Today’s political headlines include Barnier’s rejection of a backstop renegotiation, May and Corbyn’s talk, Sajid Javid’s knife crime measure criticised and May prepares to woo Labour MPs with cash.
Barnier says the backstop is here to stay
The BBC reports on remarks by Michel Barnier where he says that the Irish backstop cannot be renegotiated. The EU’s chief negotiator was speaking in the European Parliament where he suggested that there are no other realistic solutions to the issue. These remarks came after the House of Commons voted to get the Prime Minister to seek another arrangement. The story reports that both Donald Tusk and Jean-Claude Juncker echoed the remarks of Barnier.
May and Corbyn has ‘serious and engaged’ talk on a possible customs union
The Guardian reports on a discussion between Theresa May and Jeremy Corbyn where they discussed Brexit. The outcome of the meeting is that both Number 10 and Labour are disagreeing on whether May would be willing to soften her opposition to a customs union with the EU after Brexit. The Labour leader met May after MPs voted against a no-deal scenario, this is something Corbyn had previously refused to rule out. The two are expected to meet again with the next few days.
Sajid Javid’s measures to tackle knife crime criticised
The Mirror report on criticism from bereaved parents and anti-knife crime campaigners directed at the Home Secretary’s measures to try to tackle knife crime. Some of the measures picked up on is limiting the use of social media of suspects, curfews and geographical restrictions. Campaigners want the Government to stop intervening and allow the police to enforce the law under the current laws, one of the other major criticisms is the legislation will not solve anything if communities are not worked with. Javid has an article in the Telegraph where he states his own concerns with his own children when they are on a night out.
May prepares to offer Labour MPs cash injection to Leave constituencies
The Times are reporting that Theresa May is planning to win round Labour MPs by offering investment in Leave-backing areas of the country. May is hoping to secure the backing of 20 Labour MPs in the next vote on the withdrawal agreement, with discussions taking place directly between Number 10 and MPs including John Mann and Kevin Barron, without the involvement of Jeremy Corbyn.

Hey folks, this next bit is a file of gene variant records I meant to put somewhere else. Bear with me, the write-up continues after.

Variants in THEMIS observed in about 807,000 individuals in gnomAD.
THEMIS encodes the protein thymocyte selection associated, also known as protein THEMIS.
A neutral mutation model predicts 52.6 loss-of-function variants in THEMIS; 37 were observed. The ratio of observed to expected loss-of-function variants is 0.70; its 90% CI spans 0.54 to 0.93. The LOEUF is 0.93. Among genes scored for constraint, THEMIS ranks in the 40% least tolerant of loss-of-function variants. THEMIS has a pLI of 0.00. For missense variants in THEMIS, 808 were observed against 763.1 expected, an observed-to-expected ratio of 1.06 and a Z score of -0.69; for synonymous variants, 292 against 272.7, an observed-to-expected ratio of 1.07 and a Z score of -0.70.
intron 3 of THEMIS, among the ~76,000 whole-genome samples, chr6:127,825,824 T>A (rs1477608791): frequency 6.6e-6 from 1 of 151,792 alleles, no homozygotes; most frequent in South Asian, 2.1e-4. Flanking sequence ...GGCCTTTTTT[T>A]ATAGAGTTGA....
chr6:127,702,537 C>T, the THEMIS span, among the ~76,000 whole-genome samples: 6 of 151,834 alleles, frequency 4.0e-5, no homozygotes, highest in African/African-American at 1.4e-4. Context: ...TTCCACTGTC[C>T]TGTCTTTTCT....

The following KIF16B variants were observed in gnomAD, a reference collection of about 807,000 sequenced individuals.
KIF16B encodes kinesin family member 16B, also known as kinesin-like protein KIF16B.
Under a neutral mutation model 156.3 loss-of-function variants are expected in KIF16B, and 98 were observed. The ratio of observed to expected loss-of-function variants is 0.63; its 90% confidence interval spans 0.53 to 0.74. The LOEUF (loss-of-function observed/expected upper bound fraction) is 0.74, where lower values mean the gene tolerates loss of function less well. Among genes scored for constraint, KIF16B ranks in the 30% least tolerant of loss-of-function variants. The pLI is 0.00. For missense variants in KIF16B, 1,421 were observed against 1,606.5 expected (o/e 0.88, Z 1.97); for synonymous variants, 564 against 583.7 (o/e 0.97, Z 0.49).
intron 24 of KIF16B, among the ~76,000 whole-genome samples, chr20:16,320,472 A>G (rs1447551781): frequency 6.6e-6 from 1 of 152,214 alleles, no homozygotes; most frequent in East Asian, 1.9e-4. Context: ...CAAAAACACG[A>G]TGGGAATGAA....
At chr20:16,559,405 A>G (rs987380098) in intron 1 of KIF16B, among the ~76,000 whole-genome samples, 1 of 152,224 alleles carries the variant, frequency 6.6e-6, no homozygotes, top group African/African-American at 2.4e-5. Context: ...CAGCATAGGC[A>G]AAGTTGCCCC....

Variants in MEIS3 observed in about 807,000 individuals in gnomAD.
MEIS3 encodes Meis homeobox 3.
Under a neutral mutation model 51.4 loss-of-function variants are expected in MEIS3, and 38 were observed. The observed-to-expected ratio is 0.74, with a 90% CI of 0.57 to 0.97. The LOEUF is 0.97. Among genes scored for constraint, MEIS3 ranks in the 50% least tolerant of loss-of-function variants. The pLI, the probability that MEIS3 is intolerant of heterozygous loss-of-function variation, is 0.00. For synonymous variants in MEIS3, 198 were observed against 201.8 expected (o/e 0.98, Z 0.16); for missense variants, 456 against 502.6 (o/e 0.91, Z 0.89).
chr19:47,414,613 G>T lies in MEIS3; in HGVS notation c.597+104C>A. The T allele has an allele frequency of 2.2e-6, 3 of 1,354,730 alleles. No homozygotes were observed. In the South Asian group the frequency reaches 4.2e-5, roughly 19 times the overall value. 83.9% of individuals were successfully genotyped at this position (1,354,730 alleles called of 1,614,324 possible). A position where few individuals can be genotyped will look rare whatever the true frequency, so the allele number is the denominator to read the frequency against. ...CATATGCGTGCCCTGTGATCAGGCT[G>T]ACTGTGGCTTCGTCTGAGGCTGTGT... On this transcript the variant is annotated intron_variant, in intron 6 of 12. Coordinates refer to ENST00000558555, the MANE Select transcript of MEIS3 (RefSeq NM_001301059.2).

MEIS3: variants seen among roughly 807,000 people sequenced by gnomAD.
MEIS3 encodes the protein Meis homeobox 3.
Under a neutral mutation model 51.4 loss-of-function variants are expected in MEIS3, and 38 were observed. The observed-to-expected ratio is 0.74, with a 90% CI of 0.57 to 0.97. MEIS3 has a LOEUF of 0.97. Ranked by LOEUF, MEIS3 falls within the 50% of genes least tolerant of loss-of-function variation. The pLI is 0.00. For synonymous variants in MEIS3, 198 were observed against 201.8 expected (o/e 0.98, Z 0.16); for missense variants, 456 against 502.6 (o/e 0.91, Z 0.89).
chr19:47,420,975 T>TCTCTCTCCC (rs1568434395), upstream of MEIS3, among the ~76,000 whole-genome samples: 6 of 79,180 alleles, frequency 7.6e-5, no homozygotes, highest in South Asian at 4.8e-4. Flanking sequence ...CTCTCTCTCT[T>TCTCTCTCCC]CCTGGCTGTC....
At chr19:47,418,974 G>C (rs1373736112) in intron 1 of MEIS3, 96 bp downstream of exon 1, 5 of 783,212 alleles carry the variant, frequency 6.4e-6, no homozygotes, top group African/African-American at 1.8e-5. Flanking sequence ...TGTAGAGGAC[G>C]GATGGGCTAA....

Tom Watson v Tony the Tiger
The Sun report on remarks made by Deputy Leader of the Labour Party, Tom Watson at the Advertising Association conference where he took aim at cereals and how they encourage a sugary diet. Watson said food adverts should encourage people to go to work on an egg not obesity inducing cereal. Watson called for companies to take action and remove characters from their packaging and pledged that if advertisers take these steps he will be their biggest advocate when Labour is next in power.
Wright urges social media companies to more to tackle harmful content
Writing in The Daily Telegraph ahead of a speech today, Culture Secretary Jeremy Wright has told social media giants that they must do more to address the promotion of harmful online content, threatening sanctions against those who do not address the issue. Wright will outline the Government’s approach ahead of a White Paper, which will further detail the responsibilities of social media companies.
People scared to speak about Christian persecution says Jeremy Hunt
As reported by The Sun, Foreign Secretary Jeremy Hunt has said that people are scared to speak up on the persecution of Christians as they fear they could be linked to “misguided imperialism”. This comes after his department launched a review of Britain’s support for persecuted Christians. At the launch of the review he said 80% of religious persecution around the globe is against Christians, he also said that this is not about protecting Christians but fighting all religious persecution.
PM’s Europe Adviser warned the PM against renegotiating with Brussels
The Telegraph reports that Oliver Robbins told Theresa May this week that her plan to renegotiate her own Brexit deal was not going to work. He allegedly raised concerns over the so-called Malthouse-compromise to secure changes to the Northern Ireland backstop.
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